Headed back to Chase Lake (please note that this site is accessible only with the permission of the landowner) last night to try to get the Least Bittern for several of us who still needed it as a lifer and/or county bird. Antoher primary focus of mine was the Night-Heron which I was unwilling to call to species; I was hoping to nail it down to Black-crowned once and for all, in the rare event we get a Yellow-crowned eventually, so that I could count both species.
Many of the 'expected' participants in this tour had to grudgingly turn it down at the last second, but the 6 of us who showed up probably had an average age of less than 20 (!). It is strange being the 'grandpa' of the birding community as of a sudden...
The lake is gorgeous, with pitcher-plants and a very diverse flora. Neil had the utter joy of being the only person without a kayak. Instead he was reduced to kneeling in a very wide canoe which cut through the water about as well as a barge. Nevertheless, he did a good job of keeping up with the much faster kayaks.The Night-Heron ended up being a no show, despite much effort at the location of the sighting from 18 April:
The Least Bittern, thankfully, was still on location and singing his heart out. I was able to get a couple of much better video clips of him singing (we did not actually see the bird despite much effort to do so):
And finally, an even rarer Kent Co. bird, and another of our premeditated targets for this trip, was American Bittern. This species migrates through in small numbers each spring and fall but is not known to breed in the county (Least Bittern does). At dusk, as we were watching intently for a Night-Heron to emerge, this bird lifted from the marsh and circled around extensively. This is only the second time I've seen this species in Kent Co., the first at Roselle Park on 3 October 2007 while searching the grassland for Nelson's Sparrows. Here is some digibinned video of it in flight:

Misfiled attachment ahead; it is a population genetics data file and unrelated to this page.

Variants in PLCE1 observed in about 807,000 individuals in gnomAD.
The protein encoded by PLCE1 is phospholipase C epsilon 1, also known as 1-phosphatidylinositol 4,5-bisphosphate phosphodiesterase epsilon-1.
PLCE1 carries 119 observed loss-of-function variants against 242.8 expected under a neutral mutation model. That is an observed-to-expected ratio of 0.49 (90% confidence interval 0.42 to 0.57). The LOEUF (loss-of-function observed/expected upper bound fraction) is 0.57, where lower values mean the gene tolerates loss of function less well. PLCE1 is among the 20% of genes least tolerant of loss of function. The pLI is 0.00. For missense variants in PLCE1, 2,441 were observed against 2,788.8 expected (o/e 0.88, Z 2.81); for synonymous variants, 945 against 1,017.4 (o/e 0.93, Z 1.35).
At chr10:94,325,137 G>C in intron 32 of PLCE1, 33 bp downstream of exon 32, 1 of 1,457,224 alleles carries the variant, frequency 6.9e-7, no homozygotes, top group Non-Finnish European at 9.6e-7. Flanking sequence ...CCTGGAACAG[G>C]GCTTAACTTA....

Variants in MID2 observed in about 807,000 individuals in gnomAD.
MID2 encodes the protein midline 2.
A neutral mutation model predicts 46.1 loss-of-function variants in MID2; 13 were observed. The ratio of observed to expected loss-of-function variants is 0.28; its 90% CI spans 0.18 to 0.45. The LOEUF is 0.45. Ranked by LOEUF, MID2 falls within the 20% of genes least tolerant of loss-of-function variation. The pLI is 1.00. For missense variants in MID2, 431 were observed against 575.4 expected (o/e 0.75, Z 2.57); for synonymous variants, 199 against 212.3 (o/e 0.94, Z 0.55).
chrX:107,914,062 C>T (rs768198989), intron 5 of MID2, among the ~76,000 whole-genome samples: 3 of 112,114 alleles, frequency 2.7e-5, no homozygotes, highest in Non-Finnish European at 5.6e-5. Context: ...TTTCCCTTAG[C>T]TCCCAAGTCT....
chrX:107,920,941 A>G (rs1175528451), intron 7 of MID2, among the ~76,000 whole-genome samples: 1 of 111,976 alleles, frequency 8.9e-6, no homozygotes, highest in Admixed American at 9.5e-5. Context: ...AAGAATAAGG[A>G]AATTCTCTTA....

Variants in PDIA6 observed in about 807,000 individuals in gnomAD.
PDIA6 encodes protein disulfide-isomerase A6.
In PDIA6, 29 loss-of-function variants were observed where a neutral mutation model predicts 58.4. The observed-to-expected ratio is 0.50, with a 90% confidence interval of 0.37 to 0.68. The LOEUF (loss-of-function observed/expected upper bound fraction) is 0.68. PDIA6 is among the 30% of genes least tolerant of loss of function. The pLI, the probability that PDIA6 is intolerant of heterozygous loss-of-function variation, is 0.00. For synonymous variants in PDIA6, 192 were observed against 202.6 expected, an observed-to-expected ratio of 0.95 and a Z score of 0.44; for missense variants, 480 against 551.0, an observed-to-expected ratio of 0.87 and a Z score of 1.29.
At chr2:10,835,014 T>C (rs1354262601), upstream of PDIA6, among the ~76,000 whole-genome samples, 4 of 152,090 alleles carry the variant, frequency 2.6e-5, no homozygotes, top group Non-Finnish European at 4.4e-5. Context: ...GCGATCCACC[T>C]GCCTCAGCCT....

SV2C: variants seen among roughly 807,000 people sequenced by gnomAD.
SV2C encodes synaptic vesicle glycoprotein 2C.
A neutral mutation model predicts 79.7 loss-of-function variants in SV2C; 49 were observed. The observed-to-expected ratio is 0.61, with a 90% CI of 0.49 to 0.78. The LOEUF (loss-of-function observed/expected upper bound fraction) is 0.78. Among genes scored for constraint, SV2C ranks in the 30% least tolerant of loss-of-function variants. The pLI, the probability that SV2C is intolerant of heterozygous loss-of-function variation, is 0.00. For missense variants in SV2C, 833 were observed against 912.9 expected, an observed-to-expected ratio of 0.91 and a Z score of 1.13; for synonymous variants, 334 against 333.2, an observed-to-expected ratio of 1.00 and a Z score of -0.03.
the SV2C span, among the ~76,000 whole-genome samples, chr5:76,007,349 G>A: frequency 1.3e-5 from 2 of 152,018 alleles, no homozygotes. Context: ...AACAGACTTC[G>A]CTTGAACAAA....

A final sidenote: at first when I saw the American Bittern in flight I thought it was going to be a Night-Heron based on body size. However once I got the binoculars on it it was easily apparent that it was an American Bittern. The Night-Heron from 3 nights ago had broader wings and a much less apparent neck in flight. Additionally, the Bittern's head and bill are very differently shaped, being tapered from the relatively thick neck, to a long, thin point at the bill tip (the Night-Heron is much more attenuated here). Finally, the Night-Heron was missing an inner primary or secondary on its right wing but not its left wing, while the American Bittern was missing no flight feathers. These were clearly two different birds.